For the Greater Good

7 Days in dance

Ailey dancers reach for a higher glory in choreography

One of the major choreographers to emerge in America in the last decade, Ronald K. Brown has become renowned for his choreographic style, merging African and modern dance traditions in works that address social and cultural themes. His first commission for Alvin Ailey American Dance Theater in 1999, “Grace,” now in the repertory of his own company, evidence, is his finest work to date.

Ailey’s 2005 season opens with a gala performance featuring a new commissioned work by Brown, as well as the Ailey classic “Revelations,” performed with live music. Highlights of the company’s annual five-week season include a world premiere by artistic director Judith Jamison, a company premiere by Nederlands Dans Theater resident choreographer Hans van Manen, and a new work by company members Hope Boykin, Abdur-Rahim Jackson, and Matthew Rushing. While not the first time dancers have been invited to choreograph—Troy Powell and Lisa Johnson each made quartets for the 1998 season—it an extraordinary opportunity and a rare collaboration.

You might not think Ailey dancers would have time to make their own work, but Boykin squashed that notion. “We have all spent time creating for ourselves or someone has invited us to make work, for programs like E-moves at Aaron Davis Hall. We are often setting work on students. Ailey on Ailey, the Ailey dancers resource fund, also provides an outlet for us to set works on each other.”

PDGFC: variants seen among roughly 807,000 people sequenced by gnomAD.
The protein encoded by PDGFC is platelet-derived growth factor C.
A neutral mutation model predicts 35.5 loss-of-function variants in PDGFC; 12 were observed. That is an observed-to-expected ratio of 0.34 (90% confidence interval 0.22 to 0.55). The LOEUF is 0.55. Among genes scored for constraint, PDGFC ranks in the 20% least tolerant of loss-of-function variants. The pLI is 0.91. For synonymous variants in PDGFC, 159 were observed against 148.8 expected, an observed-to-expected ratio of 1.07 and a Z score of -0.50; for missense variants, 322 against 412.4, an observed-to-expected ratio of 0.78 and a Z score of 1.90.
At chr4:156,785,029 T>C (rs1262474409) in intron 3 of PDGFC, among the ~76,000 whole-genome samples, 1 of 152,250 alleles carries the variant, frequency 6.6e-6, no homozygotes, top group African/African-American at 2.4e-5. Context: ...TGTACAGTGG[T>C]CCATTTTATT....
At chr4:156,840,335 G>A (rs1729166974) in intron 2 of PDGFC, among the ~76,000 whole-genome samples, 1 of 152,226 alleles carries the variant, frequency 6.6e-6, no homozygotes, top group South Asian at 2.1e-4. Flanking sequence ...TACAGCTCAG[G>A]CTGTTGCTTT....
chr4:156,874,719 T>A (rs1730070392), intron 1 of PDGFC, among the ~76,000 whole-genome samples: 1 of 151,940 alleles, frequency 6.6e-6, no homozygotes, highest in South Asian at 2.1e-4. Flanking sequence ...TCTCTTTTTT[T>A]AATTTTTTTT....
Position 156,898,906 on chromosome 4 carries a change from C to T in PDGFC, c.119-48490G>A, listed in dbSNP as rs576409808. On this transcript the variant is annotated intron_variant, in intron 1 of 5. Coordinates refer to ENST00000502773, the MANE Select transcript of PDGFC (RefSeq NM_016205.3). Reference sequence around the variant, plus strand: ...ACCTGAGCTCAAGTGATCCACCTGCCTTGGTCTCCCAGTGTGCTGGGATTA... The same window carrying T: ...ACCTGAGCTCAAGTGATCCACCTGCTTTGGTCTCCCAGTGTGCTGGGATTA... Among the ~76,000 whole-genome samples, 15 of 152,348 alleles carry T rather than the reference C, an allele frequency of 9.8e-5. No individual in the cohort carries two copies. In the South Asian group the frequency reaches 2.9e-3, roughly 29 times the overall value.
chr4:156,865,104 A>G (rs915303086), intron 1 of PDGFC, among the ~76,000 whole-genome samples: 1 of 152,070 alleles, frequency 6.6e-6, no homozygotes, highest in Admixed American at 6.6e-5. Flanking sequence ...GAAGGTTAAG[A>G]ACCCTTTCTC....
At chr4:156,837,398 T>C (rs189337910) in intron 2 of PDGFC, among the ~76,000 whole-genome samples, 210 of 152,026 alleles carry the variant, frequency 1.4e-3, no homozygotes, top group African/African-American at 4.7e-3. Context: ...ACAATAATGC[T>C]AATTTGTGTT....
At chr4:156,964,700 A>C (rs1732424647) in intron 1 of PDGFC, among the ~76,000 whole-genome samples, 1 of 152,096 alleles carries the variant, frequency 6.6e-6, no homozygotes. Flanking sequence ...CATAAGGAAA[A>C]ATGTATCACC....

“It’s another voice,” she added. “As a dancer, you have to express through other people’s ideas. This is an opportunity for us to express our own ideas and own vision.”

Collaborative choreography isn’t new—Pilobolus had four artistic directors for decades—but it isn’t common. With three choreographers does it ever get hairy?

Boykin said the trio “totally collaborate on movement, choreography, and costumes. I believe in their styles, we all understand core movement. We finish each other’s sentences, and continue each other’s ideas.” She attributes the smooth working relationship to a long history, a process that started with Rushing and then expanded to include Jackson. The youngest—and newest—of the three, Jackson remarked, “the whole environment is very nurturing. [Associate artistic director] Masazumi [Chaya] was present at every rehearsal, without smothering us. We had two weeks and Judy came in at the end of the process to give us feedback. It was all very helpful.”

When asked about having their work performed alongside those by Jamison, Brown, and Van Manen, Rushing, who joined the company in 1992 and has the longest tenure of the three, responded judiciously, “You don’t feel pressure because of this. We have accomplished what we set out to do with each other and our peers—however it’s received.”

The dance is entitled “Acceptance In Surrender” and features an original score by Philip Hamilton. Rushing elaborated on the work’s themes. “A woman at the lowest point in her life calls on help from God. Three angels—Abdur sees them as the Holy Trinity—are sent to help get her on the right path. At times in the ballet she is set back on two feet, she becomes almost too comfortable, ahead of herself, arrogant. She finds herself in the same place, a spiritual low, and calls again for help. The three who never left come to her aid once again. They get her onto a narrow path at end—it’s not meant to represent death—and they focus her on right direction. She learns she cannot do anything on her own power.”

The subject matter reflects the faith these dancers have, on earth and beyond. Boykin concluded, “Dancing is our job. When it fills our spirit, and when the work is something we want to do, it is a joy. It reminds you why you are here.”